‘9 Bullets’ (2022) Review: Crime Drama Backfires due to Lack of Tension

Nuha Hassan reviews 9 Bullets, a crime drama that has the potential to be an interesting, but leaves audiences disappointed.

‘9 Bullets’ (2022) Review: Crime Drama Backfires due to Lack of Tension
Dean Scott Vazquez as Sam (left) and Lena Heady as Gypsy (right) in 9 Bullets

Gigi Gaston’s 9 Bullets contrives a road trip and murder, both of which backfire due to the lack of tension in the film. The movie stars Lena Headey, best known for her role as Cersei Lannister in HBO’s Game of Thrones, playing a former burlesque dancer who gets mixed up in a complicated situation.  The film hinges on themes of motherhood and trauma, but fails to meaningfully interact with those themes or hold the audience’s interest. 9 Bullets has the potential to be an interesting drama with a crime boss and murder all wrapped into one, but it leaves audiences disappointed.

Gypsy (Headey) hopes to turn her life around after retiring from her former job as a burlesque dancer. She has a shot to redeem herself and begins to write a book about her experiences. However, her life is turned upside down when she discovers a young boy Sam (Dean Scott Vazquez) hiding in her home. She learns that he witnessed his family’s murder and is in possession of a worthy item that her longtime ex and local crime boss Jack (Sam Worthington) desperately needs. Gypsy plans to drop him off with his uncle but Dean is hesitant to leave and she realises that the boy will never be safe if Jack is looking for him. Together, Gypsy and Dean are on the run and she risks her life to keep the boy safe, no matter what the cost.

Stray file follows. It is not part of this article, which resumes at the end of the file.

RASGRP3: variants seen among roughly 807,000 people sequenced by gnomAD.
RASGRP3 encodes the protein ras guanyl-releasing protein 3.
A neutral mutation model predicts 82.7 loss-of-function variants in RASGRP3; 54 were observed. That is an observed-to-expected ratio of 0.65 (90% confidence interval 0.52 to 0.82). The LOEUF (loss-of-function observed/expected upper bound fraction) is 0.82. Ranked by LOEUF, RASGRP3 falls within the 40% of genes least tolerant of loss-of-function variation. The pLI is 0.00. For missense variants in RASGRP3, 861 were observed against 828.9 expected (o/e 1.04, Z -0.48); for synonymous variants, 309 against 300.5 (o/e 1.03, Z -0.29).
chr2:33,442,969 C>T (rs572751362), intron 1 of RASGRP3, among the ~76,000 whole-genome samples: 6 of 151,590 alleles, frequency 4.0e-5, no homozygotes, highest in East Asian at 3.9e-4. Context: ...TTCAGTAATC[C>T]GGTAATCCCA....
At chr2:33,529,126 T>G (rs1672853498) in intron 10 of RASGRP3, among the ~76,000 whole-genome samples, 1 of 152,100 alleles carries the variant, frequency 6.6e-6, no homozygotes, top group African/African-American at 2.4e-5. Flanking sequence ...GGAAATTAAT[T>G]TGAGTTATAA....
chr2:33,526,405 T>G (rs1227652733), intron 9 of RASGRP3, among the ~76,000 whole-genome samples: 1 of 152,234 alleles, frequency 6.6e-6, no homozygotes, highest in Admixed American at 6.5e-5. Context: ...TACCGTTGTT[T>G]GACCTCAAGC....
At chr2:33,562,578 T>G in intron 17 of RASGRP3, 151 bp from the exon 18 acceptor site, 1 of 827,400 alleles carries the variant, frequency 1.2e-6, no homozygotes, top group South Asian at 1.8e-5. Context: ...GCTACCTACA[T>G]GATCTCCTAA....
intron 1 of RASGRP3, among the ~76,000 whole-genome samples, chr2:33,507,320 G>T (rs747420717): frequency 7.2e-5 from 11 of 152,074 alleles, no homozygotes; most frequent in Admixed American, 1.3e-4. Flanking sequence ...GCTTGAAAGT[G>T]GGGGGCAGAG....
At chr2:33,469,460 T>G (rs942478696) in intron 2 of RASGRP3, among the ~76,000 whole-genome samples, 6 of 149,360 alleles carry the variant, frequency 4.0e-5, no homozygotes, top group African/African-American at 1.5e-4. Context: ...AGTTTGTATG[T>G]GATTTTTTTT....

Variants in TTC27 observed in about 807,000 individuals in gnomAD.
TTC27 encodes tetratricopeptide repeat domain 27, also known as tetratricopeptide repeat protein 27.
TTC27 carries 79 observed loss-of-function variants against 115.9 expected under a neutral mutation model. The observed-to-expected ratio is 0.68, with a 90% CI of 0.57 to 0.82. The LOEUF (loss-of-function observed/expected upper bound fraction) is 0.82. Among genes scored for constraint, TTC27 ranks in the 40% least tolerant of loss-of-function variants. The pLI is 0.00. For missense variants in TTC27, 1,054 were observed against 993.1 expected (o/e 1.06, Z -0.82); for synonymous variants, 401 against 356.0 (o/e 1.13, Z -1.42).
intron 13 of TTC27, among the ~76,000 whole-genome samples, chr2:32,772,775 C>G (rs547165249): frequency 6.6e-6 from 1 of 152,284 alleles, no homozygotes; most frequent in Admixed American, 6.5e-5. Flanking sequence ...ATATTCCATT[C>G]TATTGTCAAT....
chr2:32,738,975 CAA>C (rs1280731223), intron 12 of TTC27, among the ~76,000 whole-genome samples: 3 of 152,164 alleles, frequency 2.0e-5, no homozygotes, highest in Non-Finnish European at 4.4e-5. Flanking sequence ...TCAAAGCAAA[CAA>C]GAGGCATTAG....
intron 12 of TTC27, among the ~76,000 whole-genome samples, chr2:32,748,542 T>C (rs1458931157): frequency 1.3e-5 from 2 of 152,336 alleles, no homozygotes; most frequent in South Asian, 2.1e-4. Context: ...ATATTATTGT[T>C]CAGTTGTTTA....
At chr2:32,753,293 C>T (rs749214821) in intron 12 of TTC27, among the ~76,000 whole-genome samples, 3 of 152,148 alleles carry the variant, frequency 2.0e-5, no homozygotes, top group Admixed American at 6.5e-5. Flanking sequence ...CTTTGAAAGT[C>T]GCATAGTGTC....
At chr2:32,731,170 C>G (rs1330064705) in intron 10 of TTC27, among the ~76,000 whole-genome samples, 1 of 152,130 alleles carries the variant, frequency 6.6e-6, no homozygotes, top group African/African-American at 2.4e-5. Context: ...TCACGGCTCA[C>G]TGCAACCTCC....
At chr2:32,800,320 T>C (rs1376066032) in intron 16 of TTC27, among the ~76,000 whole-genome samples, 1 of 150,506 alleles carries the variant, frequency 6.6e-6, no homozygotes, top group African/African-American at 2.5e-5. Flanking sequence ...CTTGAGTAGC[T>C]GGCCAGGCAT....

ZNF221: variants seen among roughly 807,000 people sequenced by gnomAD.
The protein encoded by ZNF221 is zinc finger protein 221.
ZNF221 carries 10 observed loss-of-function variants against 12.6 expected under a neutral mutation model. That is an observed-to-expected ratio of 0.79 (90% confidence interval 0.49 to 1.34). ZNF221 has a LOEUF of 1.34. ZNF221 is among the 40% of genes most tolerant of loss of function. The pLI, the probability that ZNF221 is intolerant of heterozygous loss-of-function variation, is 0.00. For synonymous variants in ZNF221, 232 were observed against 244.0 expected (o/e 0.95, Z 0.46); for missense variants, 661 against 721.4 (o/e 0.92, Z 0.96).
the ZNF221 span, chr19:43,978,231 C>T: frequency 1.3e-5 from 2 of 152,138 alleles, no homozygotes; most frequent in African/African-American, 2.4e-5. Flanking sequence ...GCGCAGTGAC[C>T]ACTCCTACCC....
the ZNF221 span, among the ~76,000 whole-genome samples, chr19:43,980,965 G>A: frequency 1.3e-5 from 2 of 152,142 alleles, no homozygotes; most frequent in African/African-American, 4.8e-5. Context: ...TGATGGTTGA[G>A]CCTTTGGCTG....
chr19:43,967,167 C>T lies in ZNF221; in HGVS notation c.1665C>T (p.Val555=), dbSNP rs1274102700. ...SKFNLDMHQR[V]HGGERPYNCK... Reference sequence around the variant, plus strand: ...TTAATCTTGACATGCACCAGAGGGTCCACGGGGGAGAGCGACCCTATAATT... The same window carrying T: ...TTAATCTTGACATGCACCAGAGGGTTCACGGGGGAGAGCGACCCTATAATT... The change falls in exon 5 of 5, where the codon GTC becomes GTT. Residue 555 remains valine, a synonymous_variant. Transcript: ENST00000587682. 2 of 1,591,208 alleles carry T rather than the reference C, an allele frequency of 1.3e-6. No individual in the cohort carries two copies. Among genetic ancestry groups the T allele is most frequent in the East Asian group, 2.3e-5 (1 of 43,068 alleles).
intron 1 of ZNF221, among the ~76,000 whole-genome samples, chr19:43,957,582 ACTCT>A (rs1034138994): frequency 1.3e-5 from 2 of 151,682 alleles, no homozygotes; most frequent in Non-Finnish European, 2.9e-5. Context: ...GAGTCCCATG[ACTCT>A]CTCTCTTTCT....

9 Bullets attempts to reach the audience through the newfound relationship between Gypsy and Dean. At first, Gypsy is reluctant to save Dean’s life because she doesn’t want to get mixed up in Jack’s business. As these two characters interact, the audience gets a sense of why Gypsy doesn’t want to get too close to Dean. He reminds her of someone that she lost in the past, so she keeps boundaries to not get too close to him. Gypsy’s internal conflict is the most compelling aspect of the film. In a scene where Dean asks Gypsy to tell him a bedtime story, she lays down on the couch next to him and tries to maintain physical distance but he pulls her towards him. The audience sees a slight discomfort on her face but eventually, she gives in. Despite her hard attitude towards Dean, she does care about him. The script of 9 Bullets limits Headey, who played one of the most complex characters on Game of Thrones. She works with what she is given, but the screenplay still doesn’t provide a strong emotional connection between Gypsy and Dean, which makes her performance seem quite lacklustre.

9 Bullets is a frustrating watch, and if the script had been stronger perhaps this movie would have worked fine. Headey and Worthington have no on-screen chemistry so their relationship, which is meant to be erotic and dangerous, feels awkward. It’s infuriating to see Headey’s involvement in this film when she has the potential to be cast in exceptional roles due to her work on Game of Thrones. 9 Bullets doesn’t have bullets that are enough to wield and threaten the lives of the characters in this movie.